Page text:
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Wuthering Heights

Chapter 16
ABOUT twelve o'clock that night, was born the Catherine you saw at Wuthering Heights:
a puny, seven months' child; and two hours after the mother died, having never recovered
sufficient consciousness to miss Heathcliff, or know Edgar.
The latter's distraction at his bereavement is a subject too painful to be dwelt on; its after
effects showed how deep the sorrow sunk. A great addition, in my eyes, was his being
left without an heir. I bemoaned that, as I gazed on the feeble orphan; and I mentally
abused old Linton for (what was only natural partiality) the securing his estate to his own
daughter, instead of his son's.
An unwelcomed infant it was, poor thing! It might have wailed out of life, and nobody
cared a morsel, during those first hours of existence. We redeemed the neglect
afterwards; but its beginning was as friendless as its end is likely to be.
Next morning---bright and cheerful out of doors---stole softened in through the blinds of
the silent room, and suffused the couch and its occupant with a mellow, tender glow.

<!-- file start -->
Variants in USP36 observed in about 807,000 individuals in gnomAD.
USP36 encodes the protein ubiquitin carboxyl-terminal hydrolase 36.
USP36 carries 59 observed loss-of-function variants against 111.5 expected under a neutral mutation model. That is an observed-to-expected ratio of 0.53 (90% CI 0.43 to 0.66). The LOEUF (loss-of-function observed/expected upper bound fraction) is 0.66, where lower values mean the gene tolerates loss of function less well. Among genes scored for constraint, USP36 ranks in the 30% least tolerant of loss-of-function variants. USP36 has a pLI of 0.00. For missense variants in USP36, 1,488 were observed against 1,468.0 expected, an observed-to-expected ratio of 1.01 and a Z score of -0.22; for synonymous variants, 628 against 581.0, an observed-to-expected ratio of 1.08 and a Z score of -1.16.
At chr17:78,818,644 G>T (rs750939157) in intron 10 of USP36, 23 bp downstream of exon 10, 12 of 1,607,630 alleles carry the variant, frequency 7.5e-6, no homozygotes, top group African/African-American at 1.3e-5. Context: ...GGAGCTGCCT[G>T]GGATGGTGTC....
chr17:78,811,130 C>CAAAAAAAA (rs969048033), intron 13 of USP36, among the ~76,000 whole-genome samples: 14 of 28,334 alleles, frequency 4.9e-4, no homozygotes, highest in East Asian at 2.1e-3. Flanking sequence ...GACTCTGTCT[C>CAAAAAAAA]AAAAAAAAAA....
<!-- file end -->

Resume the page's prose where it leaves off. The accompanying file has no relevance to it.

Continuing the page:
Edgar Linton had his head laid on the pillow, and his eyes shut. His young and fair
features were almost as deathlike as those of the form beside him, and almost as fixed:
but his was the hush of exhausted anguish, and hers of perfect peace. Her brow smooth,
her lids closed, her lips wearing the expression of a smile; no angel in heaven could be
more beautiful than she appeared. And I partook of the infinite calm in which she lay: my
mind was never in a holier frame than while I gazed on that untroubled image of Divine
rest. I instinctively echoed the words she had uttered a few hours before: "Incomparably
beyond and above us all! Whether still on earth or now in heaven, her spirit is at home
with God!"
I don't know if it be a peculiarity in me, but I am seldom otherwise than happy while
watching in the chamber of death, should no frenzied or despairing mourner share the
duty with me. I see a repose that neither earth nor hell can break, and I feel an assurance
of the endless and shadowless hereafter---the Eternity they have entered---where life is
boundless in its duration, and love in its sympathy, and joy in its fulness. I noticed on that
occasion how much selfishness there is even in a love like Mr. Linton's, when he so
regretted Catherine's blessed release!
To be sure, one might have doubted, after the wayward and impatient existence she had
led, whether, she merited a haven of peace at last. One might doubt in seasons of cold
reflection; but not then, in the presence of her corpse. It asserted its own tranquillity,
which seemed a pledge of equal quiet to its former inhabitants.
 
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